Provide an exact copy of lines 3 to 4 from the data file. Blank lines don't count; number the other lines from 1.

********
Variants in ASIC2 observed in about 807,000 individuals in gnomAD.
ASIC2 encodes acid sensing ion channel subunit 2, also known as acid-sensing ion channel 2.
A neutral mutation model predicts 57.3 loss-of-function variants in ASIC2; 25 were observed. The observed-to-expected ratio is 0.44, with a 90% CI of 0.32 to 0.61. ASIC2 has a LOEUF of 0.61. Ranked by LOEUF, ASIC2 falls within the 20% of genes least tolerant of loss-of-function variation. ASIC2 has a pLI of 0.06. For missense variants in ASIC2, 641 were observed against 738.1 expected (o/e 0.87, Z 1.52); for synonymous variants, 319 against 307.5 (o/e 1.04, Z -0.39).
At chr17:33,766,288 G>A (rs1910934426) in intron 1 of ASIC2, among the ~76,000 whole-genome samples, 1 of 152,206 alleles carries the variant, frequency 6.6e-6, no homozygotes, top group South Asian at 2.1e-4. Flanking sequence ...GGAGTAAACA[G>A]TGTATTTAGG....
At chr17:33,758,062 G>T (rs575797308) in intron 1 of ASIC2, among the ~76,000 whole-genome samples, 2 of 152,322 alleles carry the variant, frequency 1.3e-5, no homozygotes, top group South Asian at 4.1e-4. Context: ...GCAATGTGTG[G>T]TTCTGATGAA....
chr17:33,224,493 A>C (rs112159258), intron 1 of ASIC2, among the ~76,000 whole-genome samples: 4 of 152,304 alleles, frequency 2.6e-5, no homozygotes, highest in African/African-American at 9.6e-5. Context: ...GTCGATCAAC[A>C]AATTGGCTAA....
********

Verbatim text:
A neutral mutation model predicts 57.3 loss-of-function variants in ASIC2; 25 were observed. The observed-to-expected ratio is 0.44, with a 90% CI of 0.32 to 0.61. ASIC2 has a LOEUF of 0.61. Ranked by LOEUF, ASIC2 falls within the 20% of genes least tolerant of loss-of-function variation. ASIC2 has a pLI of 0.06. For missense variants in ASIC2, 641 were observed against 738.1 expected (o/e 0.87, Z 1.52); for synonymous variants, 319 against 307.5 (o/e 1.04, Z -0.39).
At chr17:33,766,288 G>A (rs1910934426) in intron 1 of ASIC2, among the ~76,000 whole-genome samples, 1 of 152,206 alleles carries the variant, frequency 6.6e-6, no homozygotes, top group South Asian at 2.1e-4. Flanking sequence ...GGAGTAAACA[G>A]TGTATTTAGG....